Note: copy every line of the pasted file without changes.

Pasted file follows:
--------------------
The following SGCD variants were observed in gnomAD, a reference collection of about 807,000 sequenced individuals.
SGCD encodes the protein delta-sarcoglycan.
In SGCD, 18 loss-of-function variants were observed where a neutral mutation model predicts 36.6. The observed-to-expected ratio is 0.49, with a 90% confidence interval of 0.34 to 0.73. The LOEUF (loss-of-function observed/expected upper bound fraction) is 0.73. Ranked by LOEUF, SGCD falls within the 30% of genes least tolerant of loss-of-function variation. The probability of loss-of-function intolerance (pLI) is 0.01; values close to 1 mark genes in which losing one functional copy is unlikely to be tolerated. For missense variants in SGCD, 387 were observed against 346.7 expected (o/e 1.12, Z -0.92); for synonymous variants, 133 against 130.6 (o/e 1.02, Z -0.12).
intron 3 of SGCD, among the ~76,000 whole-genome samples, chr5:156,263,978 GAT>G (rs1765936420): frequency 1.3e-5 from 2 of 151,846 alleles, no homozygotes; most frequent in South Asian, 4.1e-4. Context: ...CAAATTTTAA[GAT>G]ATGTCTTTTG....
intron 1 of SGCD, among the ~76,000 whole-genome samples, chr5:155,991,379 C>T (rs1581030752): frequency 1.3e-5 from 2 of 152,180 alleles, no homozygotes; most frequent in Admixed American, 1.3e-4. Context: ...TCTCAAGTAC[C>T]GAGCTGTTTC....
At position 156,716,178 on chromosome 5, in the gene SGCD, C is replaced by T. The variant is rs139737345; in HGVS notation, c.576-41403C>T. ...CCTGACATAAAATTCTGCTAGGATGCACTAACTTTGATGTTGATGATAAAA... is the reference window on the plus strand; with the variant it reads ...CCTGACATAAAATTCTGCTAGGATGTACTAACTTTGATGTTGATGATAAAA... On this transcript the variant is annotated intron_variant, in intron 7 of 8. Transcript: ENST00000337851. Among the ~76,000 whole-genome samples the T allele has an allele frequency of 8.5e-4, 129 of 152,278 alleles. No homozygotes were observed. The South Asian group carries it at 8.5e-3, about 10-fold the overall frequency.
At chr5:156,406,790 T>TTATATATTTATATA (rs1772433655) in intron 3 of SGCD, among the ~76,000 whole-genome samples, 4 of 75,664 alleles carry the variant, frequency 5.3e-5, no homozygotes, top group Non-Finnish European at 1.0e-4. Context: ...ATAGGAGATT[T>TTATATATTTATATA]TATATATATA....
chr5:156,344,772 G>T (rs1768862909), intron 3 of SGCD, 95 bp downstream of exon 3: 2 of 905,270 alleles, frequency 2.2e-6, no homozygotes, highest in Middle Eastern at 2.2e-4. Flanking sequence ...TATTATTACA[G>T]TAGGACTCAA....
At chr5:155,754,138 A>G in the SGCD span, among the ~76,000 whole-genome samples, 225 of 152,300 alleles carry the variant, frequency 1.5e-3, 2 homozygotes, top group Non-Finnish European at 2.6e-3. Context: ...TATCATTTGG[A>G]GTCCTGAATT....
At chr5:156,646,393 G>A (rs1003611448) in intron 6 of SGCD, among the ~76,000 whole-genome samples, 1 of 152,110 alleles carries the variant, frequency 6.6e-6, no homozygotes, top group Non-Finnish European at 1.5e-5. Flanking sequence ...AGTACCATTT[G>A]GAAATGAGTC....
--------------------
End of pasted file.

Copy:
The following SGCD variants were observed in gnomAD, a reference collection of about 807,000 sequenced individuals.
SGCD encodes the protein delta-sarcoglycan.
In SGCD, 18 loss-of-function variants were observed where a neutral mutation model predicts 36.6. The observed-to-expected ratio is 0.49, with a 90% confidence interval of 0.34 to 0.73. The LOEUF (loss-of-function observed/expected upper bound fraction) is 0.73. Ranked by LOEUF, SGCD falls within the 30% of genes least tolerant of loss-of-function variation. The probability of loss-of-function intolerance (pLI) is 0.01; values close to 1 mark genes in which losing one functional copy is unlikely to be tolerated. For missense variants in SGCD, 387 were observed against 346.7 expected (o/e 1.12, Z -0.92); for synonymous variants, 133 against 130.6 (o/e 1.02, Z -0.12).
intron 3 of SGCD, among the ~76,000 whole-genome samples, chr5:156,263,978 GAT>G (rs1765936420): frequency 1.3e-5 from 2 of 151,846 alleles, no homozygotes; most frequent in South Asian, 4.1e-4. Context: ...CAAATTTTAA[GAT>G]ATGTCTTTTG....
intron 1 of SGCD, among the ~76,000 whole-genome samples, chr5:155,991,379 C>T (rs1581030752): frequency 1.3e-5 from 2 of 152,180 alleles, no homozygotes; most frequent in Admixed American, 1.3e-4. Context: ...TCTCAAGTAC[C>T]GAGCTGTTTC....
At position 156,716,178 on chromosome 5, in the gene SGCD, C is replaced by T. The variant is rs139737345; in HGVS notation, c.576-41403C>T. ...CCTGACATAAAATTCTGCTAGGATGCACTAACTTTGATGTTGATGATAAAA... is the reference window on the plus strand; with the variant it reads ...CCTGACATAAAATTCTGCTAGGATGTACTAACTTTGATGTTGATGATAAAA... On this transcript the variant is annotated intron_variant, in intron 7 of 8. Transcript: ENST00000337851. Among the ~76,000 whole-genome samples the T allele has an allele frequency of 8.5e-4, 129 of 152,278 alleles. No homozygotes were observed. The South Asian group carries it at 8.5e-3, about 10-fold the overall frequency.
At chr5:156,406,790 T>TTATATATTTATATA (rs1772433655) in intron 3 of SGCD, among the ~76,000 whole-genome samples, 4 of 75,664 alleles carry the variant, frequency 5.3e-5, no homozygotes, top group Non-Finnish European at 1.0e-4. Context: ...ATAGGAGATT[T>TTATATATTTATATA]TATATATATA....
chr5:156,344,772 G>T (rs1768862909), intron 3 of SGCD, 95 bp downstream of exon 3: 2 of 905,270 alleles, frequency 2.2e-6, no homozygotes, highest in Middle Eastern at 2.2e-4. Flanking sequence ...TATTATTACA[G>T]TAGGACTCAA....
At chr5:155,754,138 A>G in the SGCD span, among the ~76,000 whole-genome samples, 225 of 152,300 alleles carry the variant, frequency 1.5e-3, 2 homozygotes, top group Non-Finnish European at 2.6e-3. Context: ...TATCATTTGG[A>G]GTCCTGAATT....
At chr5:156,646,393 G>A (rs1003611448) in intron 6 of SGCD, among the ~76,000 whole-genome samples, 1 of 152,110 alleles carries the variant, frequency 6.6e-6, no homozygotes, top group Non-Finnish European at 1.5e-5. Flanking sequence ...AGTACCATTT[G>A]GAAATGAGTC....